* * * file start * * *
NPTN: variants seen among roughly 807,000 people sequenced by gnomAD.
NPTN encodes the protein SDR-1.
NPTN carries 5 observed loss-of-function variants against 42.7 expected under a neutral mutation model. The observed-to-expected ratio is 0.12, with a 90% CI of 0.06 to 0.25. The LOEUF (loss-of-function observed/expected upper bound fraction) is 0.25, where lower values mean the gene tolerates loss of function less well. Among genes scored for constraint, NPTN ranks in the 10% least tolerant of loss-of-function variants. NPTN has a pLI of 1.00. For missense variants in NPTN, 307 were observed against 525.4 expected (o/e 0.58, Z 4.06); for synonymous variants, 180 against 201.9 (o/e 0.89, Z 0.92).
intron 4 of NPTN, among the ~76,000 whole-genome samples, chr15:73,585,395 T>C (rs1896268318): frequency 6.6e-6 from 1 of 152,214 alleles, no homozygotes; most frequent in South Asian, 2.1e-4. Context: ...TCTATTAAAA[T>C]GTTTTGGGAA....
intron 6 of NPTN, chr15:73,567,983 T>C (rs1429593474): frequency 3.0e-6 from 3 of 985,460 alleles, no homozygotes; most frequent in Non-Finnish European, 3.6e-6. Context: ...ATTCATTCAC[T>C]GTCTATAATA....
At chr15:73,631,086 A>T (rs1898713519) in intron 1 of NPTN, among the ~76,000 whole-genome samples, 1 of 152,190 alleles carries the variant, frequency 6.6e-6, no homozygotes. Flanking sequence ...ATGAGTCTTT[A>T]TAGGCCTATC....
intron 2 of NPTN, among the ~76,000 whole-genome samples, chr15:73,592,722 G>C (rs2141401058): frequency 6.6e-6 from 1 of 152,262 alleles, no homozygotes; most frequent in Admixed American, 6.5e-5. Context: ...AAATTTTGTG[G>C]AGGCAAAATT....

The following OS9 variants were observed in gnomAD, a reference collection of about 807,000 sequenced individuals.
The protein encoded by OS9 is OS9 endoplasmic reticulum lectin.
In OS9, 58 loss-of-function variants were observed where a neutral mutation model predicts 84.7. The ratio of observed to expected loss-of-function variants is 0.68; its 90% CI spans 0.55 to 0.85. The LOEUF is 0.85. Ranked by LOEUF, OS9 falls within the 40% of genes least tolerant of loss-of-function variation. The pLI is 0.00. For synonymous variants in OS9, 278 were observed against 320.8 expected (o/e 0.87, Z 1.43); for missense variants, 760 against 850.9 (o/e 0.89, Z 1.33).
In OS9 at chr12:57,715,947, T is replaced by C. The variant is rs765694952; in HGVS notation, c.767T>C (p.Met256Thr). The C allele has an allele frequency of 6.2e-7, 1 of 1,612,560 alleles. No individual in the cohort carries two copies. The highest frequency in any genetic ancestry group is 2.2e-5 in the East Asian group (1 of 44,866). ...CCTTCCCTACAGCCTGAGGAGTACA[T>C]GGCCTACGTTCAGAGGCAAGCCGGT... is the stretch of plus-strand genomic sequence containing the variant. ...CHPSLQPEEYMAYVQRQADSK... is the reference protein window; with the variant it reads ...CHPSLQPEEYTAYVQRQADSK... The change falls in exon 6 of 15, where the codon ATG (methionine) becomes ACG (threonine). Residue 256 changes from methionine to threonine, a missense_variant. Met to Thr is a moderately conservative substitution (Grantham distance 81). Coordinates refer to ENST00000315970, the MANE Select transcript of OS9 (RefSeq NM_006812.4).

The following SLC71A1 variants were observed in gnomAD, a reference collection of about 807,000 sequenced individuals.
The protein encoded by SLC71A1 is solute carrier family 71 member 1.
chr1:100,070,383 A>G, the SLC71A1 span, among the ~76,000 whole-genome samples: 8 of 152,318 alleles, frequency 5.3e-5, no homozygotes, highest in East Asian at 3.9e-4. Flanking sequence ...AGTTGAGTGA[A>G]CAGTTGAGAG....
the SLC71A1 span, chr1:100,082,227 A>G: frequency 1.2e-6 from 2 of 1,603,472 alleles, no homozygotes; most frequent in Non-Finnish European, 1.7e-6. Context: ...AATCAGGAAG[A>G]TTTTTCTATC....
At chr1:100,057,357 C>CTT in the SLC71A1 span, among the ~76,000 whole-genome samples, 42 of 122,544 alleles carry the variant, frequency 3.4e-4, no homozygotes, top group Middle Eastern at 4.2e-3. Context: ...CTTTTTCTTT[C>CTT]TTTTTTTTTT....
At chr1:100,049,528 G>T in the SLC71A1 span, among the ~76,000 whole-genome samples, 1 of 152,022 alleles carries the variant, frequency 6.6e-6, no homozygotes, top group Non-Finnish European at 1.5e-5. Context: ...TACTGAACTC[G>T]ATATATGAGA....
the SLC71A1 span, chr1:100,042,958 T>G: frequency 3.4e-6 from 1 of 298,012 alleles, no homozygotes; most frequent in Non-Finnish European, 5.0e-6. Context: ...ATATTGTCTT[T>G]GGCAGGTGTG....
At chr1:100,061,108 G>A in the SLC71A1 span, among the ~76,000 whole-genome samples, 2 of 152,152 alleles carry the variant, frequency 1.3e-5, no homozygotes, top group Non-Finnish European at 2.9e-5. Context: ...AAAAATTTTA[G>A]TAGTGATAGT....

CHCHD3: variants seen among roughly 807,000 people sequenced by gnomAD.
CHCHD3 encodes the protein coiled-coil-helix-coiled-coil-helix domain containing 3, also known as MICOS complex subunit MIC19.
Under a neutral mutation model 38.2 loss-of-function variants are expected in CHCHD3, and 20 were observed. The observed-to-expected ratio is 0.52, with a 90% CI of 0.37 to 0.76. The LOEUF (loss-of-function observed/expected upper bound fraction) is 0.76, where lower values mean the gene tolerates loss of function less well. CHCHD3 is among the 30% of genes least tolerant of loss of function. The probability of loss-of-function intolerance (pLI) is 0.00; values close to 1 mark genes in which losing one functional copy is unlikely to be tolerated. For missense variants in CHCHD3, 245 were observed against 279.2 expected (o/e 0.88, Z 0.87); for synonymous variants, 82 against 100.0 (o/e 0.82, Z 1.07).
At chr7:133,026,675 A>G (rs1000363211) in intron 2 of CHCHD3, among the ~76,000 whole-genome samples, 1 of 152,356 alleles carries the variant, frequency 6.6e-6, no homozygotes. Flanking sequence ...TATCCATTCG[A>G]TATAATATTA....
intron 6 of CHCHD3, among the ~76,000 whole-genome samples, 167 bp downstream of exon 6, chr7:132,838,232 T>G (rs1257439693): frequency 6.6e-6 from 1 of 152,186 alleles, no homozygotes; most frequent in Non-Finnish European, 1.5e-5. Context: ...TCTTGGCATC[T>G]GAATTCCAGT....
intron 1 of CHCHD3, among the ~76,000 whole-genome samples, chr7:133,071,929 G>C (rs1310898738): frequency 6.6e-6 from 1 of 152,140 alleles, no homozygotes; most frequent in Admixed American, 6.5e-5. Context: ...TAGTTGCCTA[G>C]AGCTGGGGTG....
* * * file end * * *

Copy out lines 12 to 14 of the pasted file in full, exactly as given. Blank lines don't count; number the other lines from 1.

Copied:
The following SLC71A1 variants were observed in gnomAD, a reference collection of about 807,000 sequenced individuals.
The protein encoded by SLC71A1 is solute carrier family 71 member 1.
chr1:100,070,383 A>G, the SLC71A1 span, among the ~76,000 whole-genome samples: 8 of 152,318 alleles, frequency 5.3e-5, no homozygotes, highest in East Asian at 3.9e-4. Flanking sequence ...AGTTGAGTGA[A>G]CAGTTGAGAG....